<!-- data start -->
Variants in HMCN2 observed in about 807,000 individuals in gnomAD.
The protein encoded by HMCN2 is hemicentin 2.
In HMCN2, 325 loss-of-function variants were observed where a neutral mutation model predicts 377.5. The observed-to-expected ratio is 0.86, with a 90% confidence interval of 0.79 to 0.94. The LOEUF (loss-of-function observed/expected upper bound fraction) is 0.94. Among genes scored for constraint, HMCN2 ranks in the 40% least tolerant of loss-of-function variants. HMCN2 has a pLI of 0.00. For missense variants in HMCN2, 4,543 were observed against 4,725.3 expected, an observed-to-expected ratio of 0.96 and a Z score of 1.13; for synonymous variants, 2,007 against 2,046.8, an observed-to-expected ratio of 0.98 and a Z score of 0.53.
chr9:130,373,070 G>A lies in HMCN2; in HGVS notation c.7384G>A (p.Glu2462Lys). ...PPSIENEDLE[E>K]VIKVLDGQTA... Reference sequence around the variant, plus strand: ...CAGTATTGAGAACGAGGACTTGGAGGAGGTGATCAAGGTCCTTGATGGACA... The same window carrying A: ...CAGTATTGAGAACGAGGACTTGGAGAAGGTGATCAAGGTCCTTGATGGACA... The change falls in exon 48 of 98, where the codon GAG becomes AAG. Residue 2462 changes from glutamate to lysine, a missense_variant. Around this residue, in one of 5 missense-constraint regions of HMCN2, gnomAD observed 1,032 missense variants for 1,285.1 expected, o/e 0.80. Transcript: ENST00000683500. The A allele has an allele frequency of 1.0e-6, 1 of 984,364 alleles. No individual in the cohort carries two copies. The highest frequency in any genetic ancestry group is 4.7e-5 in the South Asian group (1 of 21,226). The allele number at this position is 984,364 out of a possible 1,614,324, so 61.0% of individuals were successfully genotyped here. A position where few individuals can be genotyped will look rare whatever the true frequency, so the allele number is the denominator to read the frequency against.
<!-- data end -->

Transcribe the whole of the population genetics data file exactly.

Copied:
Variants in HMCN2 observed in about 807,000 individuals in gnomAD.
The protein encoded by HMCN2 is hemicentin 2.
In HMCN2, 325 loss-of-function variants were observed where a neutral mutation model predicts 377.5. The observed-to-expected ratio is 0.86, with a 90% confidence interval of 0.79 to 0.94. The LOEUF (loss-of-function observed/expected upper bound fraction) is 0.94. Among genes scored for constraint, HMCN2 ranks in the 40% least tolerant of loss-of-function variants. HMCN2 has a pLI of 0.00. For missense variants in HMCN2, 4,543 were observed against 4,725.3 expected, an observed-to-expected ratio of 0.96 and a Z score of 1.13; for synonymous variants, 2,007 against 2,046.8, an observed-to-expected ratio of 0.98 and a Z score of 0.53.
chr9:130,373,070 G>A lies in HMCN2; in HGVS notation c.7384G>A (p.Glu2462Lys). ...PPSIENEDLE[E>K]VIKVLDGQTA... Reference sequence around the variant, plus strand: ...CAGTATTGAGAACGAGGACTTGGAGGAGGTGATCAAGGTCCTTGATGGACA... The same window carrying A: ...CAGTATTGAGAACGAGGACTTGGAGAAGGTGATCAAGGTCCTTGATGGACA... The change falls in exon 48 of 98, where the codon GAG becomes AAG. Residue 2462 changes from glutamate to lysine, a missense_variant. Around this residue, in one of 5 missense-constraint regions of HMCN2, gnomAD observed 1,032 missense variants for 1,285.1 expected, o/e 0.80. Transcript: ENST00000683500. The A allele has an allele frequency of 1.0e-6, 1 of 984,364 alleles. No individual in the cohort carries two copies. The highest frequency in any genetic ancestry group is 4.7e-5 in the South Asian group (1 of 21,226). The allele number at this position is 984,364 out of a possible 1,614,324, so 61.0% of individuals were successfully genotyped here. A position where few individuals can be genotyped will look rare whatever the true frequency, so the allele number is the denominator to read the frequency against.